I really enjoyed listening to Mark Bittman talking about his new book, "Food Matters: A Guide To Conscious Eating" on NPR's "Morning Edition" today. I especially loved his emphasis on the fact that even seemingly small things such as reducing ones overall intake of animal products, rather than cutting them out entirely, can still be beneficial for our environment.
I think sometimes people get overwhelmed by the all or nothing environmental ideals that are sometimes conveyed by us treehugger types. A more moderate approach has to be a good thing, so that people start to think about the small changes they can make to reduce their overall carbon footprint, without completely turning their lives upside down.
Mark Bittman: Eating Right Can Save The Planet
Morning Edition, January 22, 2009
If you're one of those people hoping to change the world in 2009, writer Mark Bittman says you can start by changing what you eat.
In his new book, Food Matters, The New York Times food columnist writes about the environmental impact of industrial farming — and how individuals can make a difference by cutting down on the amount of animal products they consume.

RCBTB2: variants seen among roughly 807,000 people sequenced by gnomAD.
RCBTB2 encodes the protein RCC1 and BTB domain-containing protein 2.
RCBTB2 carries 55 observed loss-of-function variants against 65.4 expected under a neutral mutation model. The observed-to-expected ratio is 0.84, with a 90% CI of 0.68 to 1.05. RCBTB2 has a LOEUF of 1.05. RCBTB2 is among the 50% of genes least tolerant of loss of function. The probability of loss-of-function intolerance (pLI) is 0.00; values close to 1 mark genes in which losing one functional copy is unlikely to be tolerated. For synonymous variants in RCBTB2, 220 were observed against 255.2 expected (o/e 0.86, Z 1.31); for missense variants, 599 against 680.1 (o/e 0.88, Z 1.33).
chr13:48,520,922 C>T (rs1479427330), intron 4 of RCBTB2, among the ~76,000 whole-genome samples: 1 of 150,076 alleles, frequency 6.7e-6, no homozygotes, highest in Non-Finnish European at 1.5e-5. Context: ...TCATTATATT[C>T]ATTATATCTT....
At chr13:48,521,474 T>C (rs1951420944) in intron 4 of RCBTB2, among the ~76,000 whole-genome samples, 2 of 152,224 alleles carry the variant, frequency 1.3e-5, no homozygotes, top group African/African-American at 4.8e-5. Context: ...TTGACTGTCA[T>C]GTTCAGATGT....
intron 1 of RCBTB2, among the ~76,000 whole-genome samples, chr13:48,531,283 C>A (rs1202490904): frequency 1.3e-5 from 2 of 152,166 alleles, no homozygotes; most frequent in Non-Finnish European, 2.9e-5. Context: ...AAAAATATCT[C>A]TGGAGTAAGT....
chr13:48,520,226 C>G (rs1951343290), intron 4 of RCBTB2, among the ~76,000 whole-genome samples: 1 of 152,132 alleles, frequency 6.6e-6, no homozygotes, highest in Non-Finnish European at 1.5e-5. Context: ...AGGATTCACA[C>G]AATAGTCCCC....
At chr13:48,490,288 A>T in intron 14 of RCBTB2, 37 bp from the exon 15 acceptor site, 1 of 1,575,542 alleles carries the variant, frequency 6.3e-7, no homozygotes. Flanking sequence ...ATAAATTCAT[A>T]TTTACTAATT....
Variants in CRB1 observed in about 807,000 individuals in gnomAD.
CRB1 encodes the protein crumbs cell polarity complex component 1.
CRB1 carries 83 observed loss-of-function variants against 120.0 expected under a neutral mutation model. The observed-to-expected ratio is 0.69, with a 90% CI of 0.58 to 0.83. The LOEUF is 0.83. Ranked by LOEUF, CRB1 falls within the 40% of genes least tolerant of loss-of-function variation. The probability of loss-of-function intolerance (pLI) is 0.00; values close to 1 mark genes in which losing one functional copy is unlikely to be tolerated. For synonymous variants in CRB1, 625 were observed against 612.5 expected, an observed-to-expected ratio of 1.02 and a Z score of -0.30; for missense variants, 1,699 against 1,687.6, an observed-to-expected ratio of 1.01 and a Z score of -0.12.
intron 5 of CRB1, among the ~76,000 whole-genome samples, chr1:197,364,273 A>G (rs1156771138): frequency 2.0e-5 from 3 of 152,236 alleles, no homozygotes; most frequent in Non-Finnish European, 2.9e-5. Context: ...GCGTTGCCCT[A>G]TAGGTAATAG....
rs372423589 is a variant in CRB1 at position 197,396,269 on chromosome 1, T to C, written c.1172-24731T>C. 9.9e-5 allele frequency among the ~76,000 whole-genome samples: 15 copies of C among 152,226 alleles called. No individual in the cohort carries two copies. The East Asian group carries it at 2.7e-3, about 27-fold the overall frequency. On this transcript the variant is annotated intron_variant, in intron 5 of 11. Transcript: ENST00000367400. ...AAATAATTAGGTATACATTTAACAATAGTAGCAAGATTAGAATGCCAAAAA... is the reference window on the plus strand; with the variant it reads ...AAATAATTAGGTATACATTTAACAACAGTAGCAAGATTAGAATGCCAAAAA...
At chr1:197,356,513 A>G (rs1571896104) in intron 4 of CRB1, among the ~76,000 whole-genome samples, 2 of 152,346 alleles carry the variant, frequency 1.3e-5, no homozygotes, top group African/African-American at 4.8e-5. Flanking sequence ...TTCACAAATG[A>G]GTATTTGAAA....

"All industrial farming — from fish farming to chicken farming to egg and dairy farming — has an environmental impact," he tells Morning Edition's Steve Inskeep.
Bittman's recommendation? Eat more fruits and vegetables and skip a few helpings of meat.
"There's nothing wrong with eating smaller amounts of meat," he says. "It's quite common sense that you can eliminate animal products from some of your diet."
Bittman says that Americans raise and slaughter 10 billion animals each year for consumption. If we all decreased consumption of animal products by 10 percent, he says, it "would have both an environmental impact and an impact on all of our mutual health."
As for Bittman's personal diet, it used to be that he'd eat bacon and eggs for breakfast and a hamburger for lunch. But a few years ago, he changed his ways. Now, a typical day's fare might include a bowl of oatmeal (see Bittman's recipe for porridge) with maple syrup for breakfast, fruits and vegetables for lunch, then a more "old-style" type meal — which might include meat — for dinner.
After just a few months of the new diet, Bittman says, he noticed improvements to his health: "I lost 35 pounds — which is about 15 percent of my body weight — my cholesterol went down 40 points; my blood sugar went from borderline bad to just fine; [and] my knees, which were starting to give out as a result of running at too high a weight, got better."
All of those things — and, he says, he's shrinking his carbon footprint.
"Feeling like you're changing the world," he says. "That's a nice thing, too."
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